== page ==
- New York: The Typophiles, 2003.
- 6 x 9.5 inches
- 33+(1) pages.
Price: $30.00 other currencies
Order Nr. 76549
Typophile Monograph - New Series, Number 18. 500 years ago, with the publication of a small octavo Virgil, the modern printed book emerged due to Venetian printer Aldo Manuzio (Aldus). Previous to this, the printing press had been seen primarily as a means of mechanically reproducing manuscript books.
It was Pietro Bembo (1470-1547) who gave Aldus the idea for the small format of his books. Bembo also gave Aldus the device of the anchor-and-dolphin, that most famous of all printer's marks. More importantly, Bembo obtained for Aldus many of the manuscripts that were necessary for his publishing program. As one of the first editors, he introduced methods and standards, as well as punctuation we now take for granted through which he wrote one of the earliest Italian grammars and assisted in establishing the Italian literary language.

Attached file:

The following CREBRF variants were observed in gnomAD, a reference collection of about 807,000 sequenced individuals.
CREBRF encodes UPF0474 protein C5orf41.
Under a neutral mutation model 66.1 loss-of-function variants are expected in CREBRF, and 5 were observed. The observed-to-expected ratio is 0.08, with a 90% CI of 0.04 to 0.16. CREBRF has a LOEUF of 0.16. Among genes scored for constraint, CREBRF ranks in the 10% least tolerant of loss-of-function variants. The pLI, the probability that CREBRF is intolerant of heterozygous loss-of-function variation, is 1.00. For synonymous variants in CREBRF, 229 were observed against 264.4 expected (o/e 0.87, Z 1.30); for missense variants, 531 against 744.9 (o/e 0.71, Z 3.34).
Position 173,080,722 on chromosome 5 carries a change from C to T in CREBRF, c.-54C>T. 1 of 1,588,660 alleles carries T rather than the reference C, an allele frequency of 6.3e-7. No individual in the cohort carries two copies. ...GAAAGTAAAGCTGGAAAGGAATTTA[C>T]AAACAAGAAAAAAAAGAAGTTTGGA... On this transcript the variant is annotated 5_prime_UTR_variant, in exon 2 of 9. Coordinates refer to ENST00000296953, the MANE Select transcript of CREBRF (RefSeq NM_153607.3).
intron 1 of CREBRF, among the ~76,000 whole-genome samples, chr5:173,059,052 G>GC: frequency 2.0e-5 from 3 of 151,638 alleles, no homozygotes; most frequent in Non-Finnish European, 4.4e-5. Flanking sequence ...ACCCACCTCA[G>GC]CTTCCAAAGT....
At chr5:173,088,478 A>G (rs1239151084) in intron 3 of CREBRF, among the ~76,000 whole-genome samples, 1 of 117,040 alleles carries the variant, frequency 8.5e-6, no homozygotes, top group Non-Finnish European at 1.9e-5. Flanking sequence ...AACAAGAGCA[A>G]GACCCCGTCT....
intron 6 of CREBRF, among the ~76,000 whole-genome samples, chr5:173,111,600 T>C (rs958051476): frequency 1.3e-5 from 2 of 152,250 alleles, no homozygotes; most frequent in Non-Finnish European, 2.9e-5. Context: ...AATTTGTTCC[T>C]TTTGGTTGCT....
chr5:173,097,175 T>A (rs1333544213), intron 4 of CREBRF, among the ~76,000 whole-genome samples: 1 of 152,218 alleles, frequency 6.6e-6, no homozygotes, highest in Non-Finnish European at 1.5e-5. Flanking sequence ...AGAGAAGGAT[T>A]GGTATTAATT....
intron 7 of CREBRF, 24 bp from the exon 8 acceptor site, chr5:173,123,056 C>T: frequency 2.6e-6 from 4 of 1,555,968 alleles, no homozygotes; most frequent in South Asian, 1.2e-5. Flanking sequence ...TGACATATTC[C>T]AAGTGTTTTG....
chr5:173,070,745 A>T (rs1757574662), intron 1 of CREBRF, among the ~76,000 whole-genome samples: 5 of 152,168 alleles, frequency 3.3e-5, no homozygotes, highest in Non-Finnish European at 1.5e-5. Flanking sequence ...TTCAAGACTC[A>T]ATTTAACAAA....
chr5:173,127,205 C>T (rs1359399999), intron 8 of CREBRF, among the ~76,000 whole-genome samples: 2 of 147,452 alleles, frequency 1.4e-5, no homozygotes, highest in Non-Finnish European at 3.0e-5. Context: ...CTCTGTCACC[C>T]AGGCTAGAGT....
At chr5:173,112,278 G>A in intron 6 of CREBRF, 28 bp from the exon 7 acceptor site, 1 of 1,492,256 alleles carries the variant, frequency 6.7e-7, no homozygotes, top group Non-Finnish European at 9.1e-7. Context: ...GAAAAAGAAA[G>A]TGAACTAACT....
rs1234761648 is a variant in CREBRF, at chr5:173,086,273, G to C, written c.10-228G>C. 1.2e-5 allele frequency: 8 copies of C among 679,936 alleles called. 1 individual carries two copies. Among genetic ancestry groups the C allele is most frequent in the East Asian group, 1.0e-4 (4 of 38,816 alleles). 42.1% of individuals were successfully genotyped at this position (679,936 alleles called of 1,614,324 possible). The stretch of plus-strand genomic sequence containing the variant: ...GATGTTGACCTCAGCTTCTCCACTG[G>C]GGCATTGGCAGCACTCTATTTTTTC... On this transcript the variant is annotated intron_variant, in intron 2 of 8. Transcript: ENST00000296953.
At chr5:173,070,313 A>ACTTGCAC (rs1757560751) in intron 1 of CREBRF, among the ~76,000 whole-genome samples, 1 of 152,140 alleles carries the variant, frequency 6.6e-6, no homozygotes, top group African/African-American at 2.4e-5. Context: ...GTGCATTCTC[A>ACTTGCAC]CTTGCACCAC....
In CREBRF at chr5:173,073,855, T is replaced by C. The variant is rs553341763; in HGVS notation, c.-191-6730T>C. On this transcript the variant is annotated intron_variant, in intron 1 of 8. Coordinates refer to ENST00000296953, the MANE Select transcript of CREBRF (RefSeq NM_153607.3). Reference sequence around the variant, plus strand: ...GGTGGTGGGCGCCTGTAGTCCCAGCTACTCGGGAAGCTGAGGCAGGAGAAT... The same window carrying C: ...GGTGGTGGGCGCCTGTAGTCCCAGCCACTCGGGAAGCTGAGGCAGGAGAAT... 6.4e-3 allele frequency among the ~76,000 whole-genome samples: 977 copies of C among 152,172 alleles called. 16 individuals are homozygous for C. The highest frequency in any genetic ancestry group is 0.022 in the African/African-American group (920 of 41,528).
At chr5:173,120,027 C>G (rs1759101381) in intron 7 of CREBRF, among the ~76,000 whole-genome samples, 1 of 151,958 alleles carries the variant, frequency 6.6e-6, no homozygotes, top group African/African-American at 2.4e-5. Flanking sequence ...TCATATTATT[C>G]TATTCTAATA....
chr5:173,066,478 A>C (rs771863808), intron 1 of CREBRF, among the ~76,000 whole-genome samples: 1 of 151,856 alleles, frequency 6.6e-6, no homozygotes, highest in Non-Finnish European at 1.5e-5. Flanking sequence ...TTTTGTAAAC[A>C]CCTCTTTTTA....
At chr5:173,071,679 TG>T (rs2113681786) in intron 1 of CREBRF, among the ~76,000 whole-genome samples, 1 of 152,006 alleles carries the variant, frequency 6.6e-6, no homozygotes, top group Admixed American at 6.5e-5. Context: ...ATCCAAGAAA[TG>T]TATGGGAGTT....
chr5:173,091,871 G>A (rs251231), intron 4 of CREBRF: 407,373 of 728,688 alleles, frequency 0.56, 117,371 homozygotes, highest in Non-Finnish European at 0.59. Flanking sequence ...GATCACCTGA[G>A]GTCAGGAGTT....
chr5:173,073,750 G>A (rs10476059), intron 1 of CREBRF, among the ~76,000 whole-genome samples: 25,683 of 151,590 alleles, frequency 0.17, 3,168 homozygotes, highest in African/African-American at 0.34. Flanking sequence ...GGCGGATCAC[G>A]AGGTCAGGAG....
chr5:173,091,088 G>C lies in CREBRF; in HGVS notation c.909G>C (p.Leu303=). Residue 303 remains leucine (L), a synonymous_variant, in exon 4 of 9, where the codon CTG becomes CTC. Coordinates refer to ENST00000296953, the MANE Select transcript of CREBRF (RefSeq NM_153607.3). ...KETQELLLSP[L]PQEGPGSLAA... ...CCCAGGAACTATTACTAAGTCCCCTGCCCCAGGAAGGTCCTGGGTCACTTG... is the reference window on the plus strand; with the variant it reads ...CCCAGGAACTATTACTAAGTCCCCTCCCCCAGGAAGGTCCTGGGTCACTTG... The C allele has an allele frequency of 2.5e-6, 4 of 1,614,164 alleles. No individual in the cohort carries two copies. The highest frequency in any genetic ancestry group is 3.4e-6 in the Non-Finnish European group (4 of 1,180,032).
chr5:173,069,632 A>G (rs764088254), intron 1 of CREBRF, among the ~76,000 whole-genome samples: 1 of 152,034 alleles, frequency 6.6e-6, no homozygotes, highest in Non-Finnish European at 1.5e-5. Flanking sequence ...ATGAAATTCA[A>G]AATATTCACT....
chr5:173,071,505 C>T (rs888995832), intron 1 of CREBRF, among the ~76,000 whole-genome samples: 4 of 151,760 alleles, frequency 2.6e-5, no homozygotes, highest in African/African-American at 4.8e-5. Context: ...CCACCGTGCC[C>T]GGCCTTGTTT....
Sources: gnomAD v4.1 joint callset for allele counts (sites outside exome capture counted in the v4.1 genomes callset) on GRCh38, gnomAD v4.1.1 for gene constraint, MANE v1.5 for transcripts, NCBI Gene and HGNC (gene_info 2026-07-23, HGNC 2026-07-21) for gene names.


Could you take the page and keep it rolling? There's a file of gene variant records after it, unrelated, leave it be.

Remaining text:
Most people recognize the Bembo name due to the classic Bembo typeface, which was actually a re-cut by Stanley Morison in 1929 of Aldus' first Roman type, originally cut for Pietro Bembo's De Aetna (1495). To follow tradition, Morison simply named his new typeface after the author of the book for which it was first used.
Amusingly, Pietro Bembo's name is known today for a text he did not write and a type he did not design. But he had one of the most extraordinary careers of his age and is worth remembering for his many contributions to the book and to literature, particularly in his association with Aldus in the creation of the modern form of the book. In many ways Bembo was, to paraphrase a line of Ariosto, the "foster father" of the book, and, like a modern father, was there assisting at its birth. Distributed for The Typophiles.